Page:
Munja - non-stereotypical dinner

Anyone who had a chance to dine in Warsaw Balkan restaurants around the beginning of the new millennium, might be partial to a not really justified stereotype, that such establishment are 'butcher shops disguised as restaurants'. It is true that in the first decades after the Poland opened to the world and the culinary novelties, such restaurants were primarily serving various sausages, wursts, grilled meat and not much more. Vegetable side dishes were more often than not limited to aubergines, zucchini, potatoes and peppers fried in animal fat. and for dessert one could get alcoholic drinks and ice cream bought in a nearby store. Thankfully, times change and it feels good to discover new incarnations of the Balkan cuisine, like the one offered by Munja restaurant located in Warsaw Breweries.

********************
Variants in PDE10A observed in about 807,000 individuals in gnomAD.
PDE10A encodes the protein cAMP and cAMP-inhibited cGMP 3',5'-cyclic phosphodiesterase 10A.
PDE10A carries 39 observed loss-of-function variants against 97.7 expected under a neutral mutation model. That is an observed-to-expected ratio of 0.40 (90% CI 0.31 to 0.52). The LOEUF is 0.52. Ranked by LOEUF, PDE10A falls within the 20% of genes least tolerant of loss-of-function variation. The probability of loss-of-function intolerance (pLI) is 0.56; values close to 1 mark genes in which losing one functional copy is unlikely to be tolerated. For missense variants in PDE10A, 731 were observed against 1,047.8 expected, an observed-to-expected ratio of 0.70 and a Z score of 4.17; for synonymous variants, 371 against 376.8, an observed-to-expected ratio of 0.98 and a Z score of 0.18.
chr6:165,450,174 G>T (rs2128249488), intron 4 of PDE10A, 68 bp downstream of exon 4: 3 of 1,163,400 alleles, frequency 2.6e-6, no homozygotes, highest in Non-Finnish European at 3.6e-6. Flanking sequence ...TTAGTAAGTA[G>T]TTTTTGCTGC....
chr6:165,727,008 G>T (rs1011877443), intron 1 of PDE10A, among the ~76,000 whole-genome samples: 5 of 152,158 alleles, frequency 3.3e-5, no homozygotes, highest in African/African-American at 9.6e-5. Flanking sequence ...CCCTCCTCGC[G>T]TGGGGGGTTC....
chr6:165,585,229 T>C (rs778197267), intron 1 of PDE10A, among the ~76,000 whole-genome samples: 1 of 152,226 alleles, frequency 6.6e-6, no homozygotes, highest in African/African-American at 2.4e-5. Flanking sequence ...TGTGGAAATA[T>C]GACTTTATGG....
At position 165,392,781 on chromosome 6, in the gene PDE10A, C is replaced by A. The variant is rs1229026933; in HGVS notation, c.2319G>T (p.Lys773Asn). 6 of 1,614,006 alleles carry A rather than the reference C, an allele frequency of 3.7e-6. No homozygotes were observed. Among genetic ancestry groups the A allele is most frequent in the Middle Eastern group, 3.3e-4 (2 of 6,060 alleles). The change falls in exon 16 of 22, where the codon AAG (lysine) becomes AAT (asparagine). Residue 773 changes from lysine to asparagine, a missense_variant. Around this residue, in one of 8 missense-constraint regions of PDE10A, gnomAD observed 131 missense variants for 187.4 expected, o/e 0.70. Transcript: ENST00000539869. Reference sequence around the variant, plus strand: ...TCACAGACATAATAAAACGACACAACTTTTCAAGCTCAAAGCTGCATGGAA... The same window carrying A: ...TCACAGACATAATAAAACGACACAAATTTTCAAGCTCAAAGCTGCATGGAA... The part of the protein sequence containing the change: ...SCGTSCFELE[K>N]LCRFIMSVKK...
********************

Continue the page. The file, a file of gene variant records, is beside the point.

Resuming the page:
To be completely honest, I need to mention that although Munja is owned by native Montenegrins, the dishes from Serbia, Croatia, Montenegro and other parts of Balkans are accompanied by the specialities from all along the Adriatic shore. In other words, one can, and in our humble opinion, even should order something Italian. This is exactly what we have done after we managed to sit at one of the few unoccupied tables in the garden.

Munja is located on the ground floor of Villa Offices the first building on the right on Haberbusch and Schiele Street, looking from Grzybowska Street. It is the last Saturday of May, the day is sunny but somewhat windy. Fortunately, wind cannot be felt in the garden, but after the sun hides behind the buildings in the western part of Warsaw, temperature falls quite substantially. On the other hand, this only happened after 5 pm and we have arrived long before 4 pm and were warmly greeted right at the door.